Chronicling my experiences with ruby on rails, web application development/management.

Monday, March 9, 2009

Rails Testing Confessions

Father, My name is pjammer and i have confession to make. I've made 4 web apps and didn't test one of them, in a rails sense.

That's right. Not one of my apps were tested using shoulda, coulda, woulda. Rspec was just a figment of someone's imagination, when i launched my apps, cause it sure wasn't in my mind's eye. Factory girl is a movie about some broad from the 60's and Object daddy just sounds creepy

Let me repent for my testing sins!!!

Father, I'm here today to repent for the sins of not testing my apps. I really want to learn

Learning about testing is like searching google for a future thought. Lots of ideas you can get out of it, but nothing that says "HERE IT IS MY SON".

This post won't help you either, but it should give others who want to make a lot of money, teaching other users how to write tests for rails, some kind of "IDEA" for a tell all book about testing.

The Big Idea

Father, why hath thou forsaken my learning? Learning Rails was easy... tonnes of help on blog posts, forums, etc... yet when it comes to LEARNING HOW TO TEST, doth hast left that chapter blank in thy bible

Here is what i think someone could make a mint from writing a book that steps a user through building tests from TIT to TAIL.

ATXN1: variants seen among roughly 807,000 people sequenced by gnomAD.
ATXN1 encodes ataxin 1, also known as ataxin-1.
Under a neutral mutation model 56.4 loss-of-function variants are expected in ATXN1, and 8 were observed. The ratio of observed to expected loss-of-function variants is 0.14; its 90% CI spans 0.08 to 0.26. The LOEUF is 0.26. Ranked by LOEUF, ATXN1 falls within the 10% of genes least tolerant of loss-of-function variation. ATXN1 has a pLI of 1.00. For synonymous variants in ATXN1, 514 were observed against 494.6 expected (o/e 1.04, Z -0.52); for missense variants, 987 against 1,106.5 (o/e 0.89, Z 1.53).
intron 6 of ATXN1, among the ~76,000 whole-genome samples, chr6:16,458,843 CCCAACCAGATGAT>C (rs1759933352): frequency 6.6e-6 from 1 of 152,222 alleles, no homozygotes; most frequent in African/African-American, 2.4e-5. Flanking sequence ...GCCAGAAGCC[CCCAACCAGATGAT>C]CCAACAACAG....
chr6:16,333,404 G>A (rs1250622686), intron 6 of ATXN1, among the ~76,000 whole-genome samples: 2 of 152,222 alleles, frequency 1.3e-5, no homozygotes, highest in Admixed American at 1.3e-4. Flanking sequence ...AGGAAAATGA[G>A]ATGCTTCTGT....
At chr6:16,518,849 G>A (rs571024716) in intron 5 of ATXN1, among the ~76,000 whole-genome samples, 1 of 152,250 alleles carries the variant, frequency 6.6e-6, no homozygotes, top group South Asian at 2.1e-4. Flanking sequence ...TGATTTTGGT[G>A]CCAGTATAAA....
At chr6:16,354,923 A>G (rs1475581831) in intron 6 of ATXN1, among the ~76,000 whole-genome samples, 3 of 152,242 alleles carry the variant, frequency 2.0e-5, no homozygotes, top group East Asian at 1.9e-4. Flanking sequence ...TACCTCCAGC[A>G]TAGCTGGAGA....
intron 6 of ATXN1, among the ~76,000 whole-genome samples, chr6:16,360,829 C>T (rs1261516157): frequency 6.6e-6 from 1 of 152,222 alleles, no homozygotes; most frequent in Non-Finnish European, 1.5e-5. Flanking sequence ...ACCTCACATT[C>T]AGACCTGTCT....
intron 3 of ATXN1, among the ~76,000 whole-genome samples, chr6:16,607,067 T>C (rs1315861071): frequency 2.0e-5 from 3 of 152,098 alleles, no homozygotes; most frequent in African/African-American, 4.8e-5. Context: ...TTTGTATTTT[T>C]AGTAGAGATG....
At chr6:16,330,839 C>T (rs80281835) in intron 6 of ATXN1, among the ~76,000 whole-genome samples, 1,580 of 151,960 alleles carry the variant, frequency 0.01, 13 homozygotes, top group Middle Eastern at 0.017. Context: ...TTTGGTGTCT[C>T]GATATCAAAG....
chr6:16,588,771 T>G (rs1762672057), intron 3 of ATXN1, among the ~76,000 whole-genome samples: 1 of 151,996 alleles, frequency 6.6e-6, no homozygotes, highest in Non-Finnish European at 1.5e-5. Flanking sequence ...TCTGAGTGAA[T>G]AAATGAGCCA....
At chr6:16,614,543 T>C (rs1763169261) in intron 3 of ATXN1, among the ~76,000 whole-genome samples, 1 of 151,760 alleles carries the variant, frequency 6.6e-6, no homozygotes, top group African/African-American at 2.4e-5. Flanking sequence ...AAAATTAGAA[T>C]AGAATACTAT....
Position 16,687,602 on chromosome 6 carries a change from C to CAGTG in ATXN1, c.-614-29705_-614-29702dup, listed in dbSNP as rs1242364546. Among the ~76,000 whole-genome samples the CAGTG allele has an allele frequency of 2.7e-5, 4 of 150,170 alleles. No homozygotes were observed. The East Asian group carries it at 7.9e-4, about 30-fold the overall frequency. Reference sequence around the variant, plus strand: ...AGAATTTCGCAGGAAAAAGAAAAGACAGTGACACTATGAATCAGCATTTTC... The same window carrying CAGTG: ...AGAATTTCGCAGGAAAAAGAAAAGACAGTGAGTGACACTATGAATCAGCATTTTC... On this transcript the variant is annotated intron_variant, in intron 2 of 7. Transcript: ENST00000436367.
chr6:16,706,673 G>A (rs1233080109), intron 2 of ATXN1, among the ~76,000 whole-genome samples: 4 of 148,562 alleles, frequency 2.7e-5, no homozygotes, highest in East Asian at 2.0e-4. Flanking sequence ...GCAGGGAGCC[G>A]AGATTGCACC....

For instance:

  • What is testing and why it's important
  • There are four facets to testing
    • Functional Tests
    • Unit Tests
    • Integration Tests and
    • Fixtures
  • Take each testing facet above and step through each assertion and when to use each assertion and 5 or 6 real life examples for each.
  • Focus just on Test::Unit, Shoulda, and Machinist & Faker for Functional and Unit Testing, as well as fixtures
  • Lastly, use some cool visual tool like webrat or Selenium

Father, thank you. I will say my 10 hail mary's

In closing god would be happier with a book such as this, as less rails noobs and testing noobs would be praying for this kind of mundane nonesense. Leaving more time to fight the good fight.

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